Neumayer Georg 

Outstanding German physicogeographer, hydrograph. He was the younger comrade of the great A. Humboldt, whose friendship and fellowship had an enormous influence on his entire life and scientific activities. 
Born in Neustadt am Haardt. Even as a child, he was fascinated by Antarctic expeditions conducted in the period 1837-1843. 
After graduating from a course at the University of Munich in 1850, Neameyer traveled for six years in South America and Australia, conducted oceanographic and magnetic research, worked as a prospector. Returning to Europe in 1856, he made an unsuccessful attempt to participate in an Antarctic expedition. 
In 1857 Neumayer sponsored by King Maximilian of Bavaria organized a magneto-meteorological observatory in Melbourne, the director of which was 1864. While living in Melbourne, he actively promoted research in the interior of Australia. 
One of the most important affairs of Neymayer’s life was the organization of the German Maritime Observatory in Hamburg, which he headed from the moment of its foundation in 1876 until his retirement in 1903. This institution, which included a number of outstanding scientists, made a significant contribution to the development of marine and synoptic meteorology. 
Neumayer took an active part in organizing studies of the high latitudes of the northern and southern hemispheres, especially the latter, reminded of their necessity at congresses and congresses; he was rightly considered the first expert on the high latitudes of the southern hemisphere. With his close participation, the German magnetometeorological stations were equipped, which made observations in 1881–1882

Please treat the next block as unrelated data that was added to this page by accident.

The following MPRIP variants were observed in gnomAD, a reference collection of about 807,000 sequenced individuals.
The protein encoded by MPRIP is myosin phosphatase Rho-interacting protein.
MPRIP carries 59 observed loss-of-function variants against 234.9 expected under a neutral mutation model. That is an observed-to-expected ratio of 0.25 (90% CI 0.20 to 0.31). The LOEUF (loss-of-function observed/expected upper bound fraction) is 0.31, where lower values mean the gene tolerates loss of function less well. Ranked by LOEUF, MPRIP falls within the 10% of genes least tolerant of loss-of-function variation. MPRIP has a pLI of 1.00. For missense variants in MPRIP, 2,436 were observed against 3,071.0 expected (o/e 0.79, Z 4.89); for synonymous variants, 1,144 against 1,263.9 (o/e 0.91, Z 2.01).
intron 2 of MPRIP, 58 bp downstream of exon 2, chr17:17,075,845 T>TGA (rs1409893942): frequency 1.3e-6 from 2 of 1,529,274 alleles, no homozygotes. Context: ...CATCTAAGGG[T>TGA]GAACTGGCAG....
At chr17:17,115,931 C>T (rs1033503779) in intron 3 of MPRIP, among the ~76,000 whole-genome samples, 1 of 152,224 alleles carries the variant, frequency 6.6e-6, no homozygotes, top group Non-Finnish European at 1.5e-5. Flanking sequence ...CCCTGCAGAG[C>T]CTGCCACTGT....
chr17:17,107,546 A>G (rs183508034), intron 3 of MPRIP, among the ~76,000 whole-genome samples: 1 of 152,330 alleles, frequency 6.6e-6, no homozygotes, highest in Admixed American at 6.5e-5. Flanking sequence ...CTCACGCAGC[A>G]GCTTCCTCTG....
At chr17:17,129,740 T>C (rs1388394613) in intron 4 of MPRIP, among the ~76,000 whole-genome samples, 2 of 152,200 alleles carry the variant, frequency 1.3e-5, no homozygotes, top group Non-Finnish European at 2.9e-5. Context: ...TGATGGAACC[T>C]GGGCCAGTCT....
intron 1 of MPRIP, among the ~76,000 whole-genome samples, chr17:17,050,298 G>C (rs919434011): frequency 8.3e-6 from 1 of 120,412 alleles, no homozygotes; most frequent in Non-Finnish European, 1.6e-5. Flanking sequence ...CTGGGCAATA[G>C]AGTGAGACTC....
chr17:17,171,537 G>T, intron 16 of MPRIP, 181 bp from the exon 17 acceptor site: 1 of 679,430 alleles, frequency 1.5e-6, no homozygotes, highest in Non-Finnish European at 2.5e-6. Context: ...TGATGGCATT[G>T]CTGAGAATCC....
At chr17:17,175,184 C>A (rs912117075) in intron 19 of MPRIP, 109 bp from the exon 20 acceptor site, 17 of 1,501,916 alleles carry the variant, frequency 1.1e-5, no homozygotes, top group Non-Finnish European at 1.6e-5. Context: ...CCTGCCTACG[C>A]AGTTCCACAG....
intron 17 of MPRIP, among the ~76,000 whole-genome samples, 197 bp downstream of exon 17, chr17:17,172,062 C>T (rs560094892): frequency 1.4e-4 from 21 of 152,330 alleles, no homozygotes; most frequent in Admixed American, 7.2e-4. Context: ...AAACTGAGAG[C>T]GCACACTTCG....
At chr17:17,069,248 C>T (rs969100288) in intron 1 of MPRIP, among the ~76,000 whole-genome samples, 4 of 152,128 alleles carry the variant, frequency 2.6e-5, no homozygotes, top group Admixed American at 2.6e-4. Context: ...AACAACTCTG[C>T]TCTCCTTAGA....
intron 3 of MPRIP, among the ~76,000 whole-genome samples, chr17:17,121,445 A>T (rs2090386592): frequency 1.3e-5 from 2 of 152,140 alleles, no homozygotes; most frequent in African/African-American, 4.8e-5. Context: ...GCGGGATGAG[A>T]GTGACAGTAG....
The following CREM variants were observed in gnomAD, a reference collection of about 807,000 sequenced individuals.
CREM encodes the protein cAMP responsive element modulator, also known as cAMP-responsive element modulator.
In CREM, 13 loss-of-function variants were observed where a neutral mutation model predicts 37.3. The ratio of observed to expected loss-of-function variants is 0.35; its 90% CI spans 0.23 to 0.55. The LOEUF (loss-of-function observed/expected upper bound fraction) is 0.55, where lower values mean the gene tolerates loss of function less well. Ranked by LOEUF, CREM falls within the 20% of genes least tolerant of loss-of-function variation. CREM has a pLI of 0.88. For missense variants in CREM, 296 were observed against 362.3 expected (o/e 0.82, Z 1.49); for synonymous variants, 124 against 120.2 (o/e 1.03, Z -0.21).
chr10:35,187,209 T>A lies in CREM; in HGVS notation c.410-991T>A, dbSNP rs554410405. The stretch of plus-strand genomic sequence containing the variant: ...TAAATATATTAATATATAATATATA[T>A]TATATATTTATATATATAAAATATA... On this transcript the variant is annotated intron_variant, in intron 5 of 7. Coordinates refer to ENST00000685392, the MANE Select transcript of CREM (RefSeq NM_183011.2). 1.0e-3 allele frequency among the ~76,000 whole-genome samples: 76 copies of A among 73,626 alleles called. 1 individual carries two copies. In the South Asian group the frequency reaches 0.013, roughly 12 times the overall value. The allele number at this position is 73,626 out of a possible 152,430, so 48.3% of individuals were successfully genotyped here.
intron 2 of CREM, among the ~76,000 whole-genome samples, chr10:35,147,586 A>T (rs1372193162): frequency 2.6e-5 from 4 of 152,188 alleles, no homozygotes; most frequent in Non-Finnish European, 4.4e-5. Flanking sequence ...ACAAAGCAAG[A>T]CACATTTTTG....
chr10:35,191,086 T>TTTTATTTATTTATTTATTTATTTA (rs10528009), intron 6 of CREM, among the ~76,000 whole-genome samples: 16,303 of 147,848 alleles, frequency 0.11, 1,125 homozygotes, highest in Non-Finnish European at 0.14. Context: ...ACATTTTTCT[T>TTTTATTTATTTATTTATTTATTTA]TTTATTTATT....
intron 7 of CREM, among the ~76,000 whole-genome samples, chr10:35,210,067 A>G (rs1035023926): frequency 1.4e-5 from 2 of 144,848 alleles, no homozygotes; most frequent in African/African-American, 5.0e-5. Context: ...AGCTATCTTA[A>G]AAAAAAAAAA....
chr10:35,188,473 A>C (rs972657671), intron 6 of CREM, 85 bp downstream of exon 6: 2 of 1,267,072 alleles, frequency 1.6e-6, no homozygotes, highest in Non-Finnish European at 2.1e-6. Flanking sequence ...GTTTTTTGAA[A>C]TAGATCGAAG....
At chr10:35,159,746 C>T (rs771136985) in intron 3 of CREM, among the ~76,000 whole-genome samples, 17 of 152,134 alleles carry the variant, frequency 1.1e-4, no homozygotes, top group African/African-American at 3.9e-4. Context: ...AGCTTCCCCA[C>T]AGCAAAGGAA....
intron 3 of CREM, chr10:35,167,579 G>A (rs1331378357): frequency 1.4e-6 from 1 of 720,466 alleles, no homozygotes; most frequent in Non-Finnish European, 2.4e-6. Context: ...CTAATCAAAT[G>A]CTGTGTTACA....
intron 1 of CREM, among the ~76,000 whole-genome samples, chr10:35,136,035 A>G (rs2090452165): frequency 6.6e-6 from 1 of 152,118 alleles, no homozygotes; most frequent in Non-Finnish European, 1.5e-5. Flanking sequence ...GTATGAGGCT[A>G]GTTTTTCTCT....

in Kingua-fjord in the Canadian Arctic archipelago and on the island of South Georgia to the southeast of South America, the American station, headed by A. Greeley and working at Fort Conger on Ellesmere Island.

He died in Neustadt on the Weinstrasse. 
Being an outstanding scientist, organizer of science, Neymeyer also possessed remarkable human qualities. In the obituary on the occasion of his death, it is written that “the death of Dr. Neymeyer caused sincere sadness among geographers of the whole world. Dr. Niemeyer lives in our memory as an exceptionally merciful person, whose beautiful features were always illuminated by majestic kindness, which spoke of a noble and generous heart”.  
A peninsula in the southeast of King William Island in the Canadian Arctic Archipelago.

Cape in the northeast of the island of Luigi Amadeo near the northern coast of Greenland in the Lincoln Sea.

Cape on the island of Sabin in the Greenland Sea near the coast of East Greenland.

Mountain on the island of West Svalbard.

Strait between the islands of Hohenlohe and Rudolph in the archipelago of Franz-Josef Land. Discovered by Yu. Payer in 1874. Named later.


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